Nikil Sairam, Michael E. Moran
First Published: Jan. 6, 2023
Our knowledge of the social structure of pre-historic peoples is limited by the scant physical record, largely limited to archeological fragments of biological materials, tools, and funereal art. The Natufian, who lived near present day Jerusalem around 9000 BCE, was a culture first identified by Dorothy Garrod, a British paleo-archeologist. The Natufian produced what may be the world’s first expression of sexuality in art in the Ain-Sakhri statue, depicting two figures intertwined in a coital embrace. Our aim was to better illustrate Garrod’s seminal work, and the significance of the Ain Sakhri statue in our understanding of pre-historical concepts of sexual self-awareness.
Archives of the British Museum (London), the Pitts River Museum and the Dorothy Garrod Photographic Archive (Oxford), the Mathurin collection at the Musée des Antiquités Nationales (St Germain-en-Laye, France), and digital. humanities.ox.ac.uk were consulted to identify biographical information on Dorothy Garrod and her archeological work. Secondary sources on the Natufian peoples and their art were identified through PubMed, digital archive sources, and the Garrod archives as cited.
Dorothy Garrod (1892-1968) was a prolific early 20th century scientist in paleo archeology and a pioneer for women in a male-dominated field, the first prehistorian, and first woman, to be elected to a professorship at Cambridge University (19391952). She established comprehensive excavations in the Levant in the Middle East on Mount Carmel near Jerusalem where she identified the ancient Natufian cultures. There, her mentor, AH Breuil, had found a 10 cm stone figure, now known as the ‘Ain Sakhri’ figurine, from 9,000 BCE and identified by him to be a product of Garrod’s Natufian culture. Unlike other contemporary Natufian sculptures found in the Wadi Khareitoun region, which were worked in bone or antler, the Ain Sakhri was chiseled from calcite. The Ain Sakhri, depicting two intertwined figures and with a phallic shape, is regarded as the world’s oldest known sculpture of people making love.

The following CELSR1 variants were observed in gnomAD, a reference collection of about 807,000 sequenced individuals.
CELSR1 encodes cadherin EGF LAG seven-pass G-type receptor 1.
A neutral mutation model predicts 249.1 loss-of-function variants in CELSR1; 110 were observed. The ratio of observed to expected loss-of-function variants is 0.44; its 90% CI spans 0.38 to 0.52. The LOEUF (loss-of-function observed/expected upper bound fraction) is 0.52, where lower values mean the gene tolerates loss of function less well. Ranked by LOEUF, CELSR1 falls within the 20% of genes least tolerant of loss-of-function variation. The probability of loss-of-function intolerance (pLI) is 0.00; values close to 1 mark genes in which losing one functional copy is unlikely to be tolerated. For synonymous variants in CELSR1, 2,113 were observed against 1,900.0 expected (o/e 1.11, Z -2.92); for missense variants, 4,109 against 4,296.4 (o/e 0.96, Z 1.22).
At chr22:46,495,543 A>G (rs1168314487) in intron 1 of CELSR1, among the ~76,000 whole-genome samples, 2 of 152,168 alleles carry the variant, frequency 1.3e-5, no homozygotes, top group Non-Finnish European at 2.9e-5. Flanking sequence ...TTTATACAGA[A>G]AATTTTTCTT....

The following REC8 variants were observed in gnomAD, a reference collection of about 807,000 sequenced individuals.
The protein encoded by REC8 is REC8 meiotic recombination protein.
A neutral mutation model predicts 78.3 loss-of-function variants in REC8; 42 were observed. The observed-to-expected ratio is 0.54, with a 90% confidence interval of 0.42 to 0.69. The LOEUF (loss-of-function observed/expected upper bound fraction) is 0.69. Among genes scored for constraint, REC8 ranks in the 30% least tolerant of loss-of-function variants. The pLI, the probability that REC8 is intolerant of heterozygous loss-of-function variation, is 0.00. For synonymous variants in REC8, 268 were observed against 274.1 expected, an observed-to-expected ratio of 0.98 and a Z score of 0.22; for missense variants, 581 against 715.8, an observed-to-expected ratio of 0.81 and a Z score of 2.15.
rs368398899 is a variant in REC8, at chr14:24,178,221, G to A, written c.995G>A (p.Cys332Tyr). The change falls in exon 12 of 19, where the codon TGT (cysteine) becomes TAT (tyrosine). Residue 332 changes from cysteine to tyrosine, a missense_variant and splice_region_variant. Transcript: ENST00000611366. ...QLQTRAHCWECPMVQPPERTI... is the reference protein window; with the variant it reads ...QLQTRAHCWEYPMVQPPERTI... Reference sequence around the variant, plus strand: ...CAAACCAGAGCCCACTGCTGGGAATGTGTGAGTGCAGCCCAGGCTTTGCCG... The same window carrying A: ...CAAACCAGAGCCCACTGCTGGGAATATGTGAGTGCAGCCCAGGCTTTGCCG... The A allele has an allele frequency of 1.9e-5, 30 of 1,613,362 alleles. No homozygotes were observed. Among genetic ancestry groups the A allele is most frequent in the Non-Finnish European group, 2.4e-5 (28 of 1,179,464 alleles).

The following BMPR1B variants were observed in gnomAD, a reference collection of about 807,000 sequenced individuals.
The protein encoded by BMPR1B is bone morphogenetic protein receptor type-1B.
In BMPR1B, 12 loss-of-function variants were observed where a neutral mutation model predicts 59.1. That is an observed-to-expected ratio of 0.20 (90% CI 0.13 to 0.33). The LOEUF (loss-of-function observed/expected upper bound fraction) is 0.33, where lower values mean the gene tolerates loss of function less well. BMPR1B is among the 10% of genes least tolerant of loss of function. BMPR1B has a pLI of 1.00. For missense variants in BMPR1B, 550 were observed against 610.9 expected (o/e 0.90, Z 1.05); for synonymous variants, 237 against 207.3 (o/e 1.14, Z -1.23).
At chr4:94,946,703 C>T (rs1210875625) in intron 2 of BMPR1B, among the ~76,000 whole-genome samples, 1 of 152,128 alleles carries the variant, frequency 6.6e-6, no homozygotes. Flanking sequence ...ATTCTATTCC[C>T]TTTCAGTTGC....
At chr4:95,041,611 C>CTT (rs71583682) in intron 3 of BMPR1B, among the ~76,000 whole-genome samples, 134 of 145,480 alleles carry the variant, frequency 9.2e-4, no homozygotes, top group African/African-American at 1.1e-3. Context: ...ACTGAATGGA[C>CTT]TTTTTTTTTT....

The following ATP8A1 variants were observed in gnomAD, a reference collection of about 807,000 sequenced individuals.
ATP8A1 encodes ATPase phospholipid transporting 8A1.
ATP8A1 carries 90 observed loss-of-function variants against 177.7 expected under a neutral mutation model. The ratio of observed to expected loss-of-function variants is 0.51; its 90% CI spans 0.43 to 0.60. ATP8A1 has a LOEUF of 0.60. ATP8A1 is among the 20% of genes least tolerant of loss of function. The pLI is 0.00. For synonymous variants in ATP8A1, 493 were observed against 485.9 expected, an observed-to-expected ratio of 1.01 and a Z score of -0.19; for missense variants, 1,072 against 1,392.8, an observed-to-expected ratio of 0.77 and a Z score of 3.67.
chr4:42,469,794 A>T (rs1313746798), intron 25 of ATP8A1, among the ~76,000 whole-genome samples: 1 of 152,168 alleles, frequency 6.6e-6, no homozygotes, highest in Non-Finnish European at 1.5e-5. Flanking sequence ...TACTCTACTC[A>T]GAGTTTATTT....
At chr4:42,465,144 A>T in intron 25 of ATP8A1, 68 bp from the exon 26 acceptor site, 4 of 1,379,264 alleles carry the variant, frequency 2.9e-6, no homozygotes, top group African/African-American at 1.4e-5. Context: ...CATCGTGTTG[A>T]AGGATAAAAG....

Dorothy Garrod was a ground-breaking pioneer in paleo archeology and the 1st female professor at Cambridge from 1939-1952. Her early 20th century work on the Natufian people revealed a complex, sophisticated pre-historic culture which produced the Ain Sakhri, the first sculpted depiction of coitus, predating the historical record of sexual self-awareness by thousands of years.
Editor in Chief: John L. Phillips, MD
Journal Design: Akhil A. Saji, MD
US ISSN: 2769-2183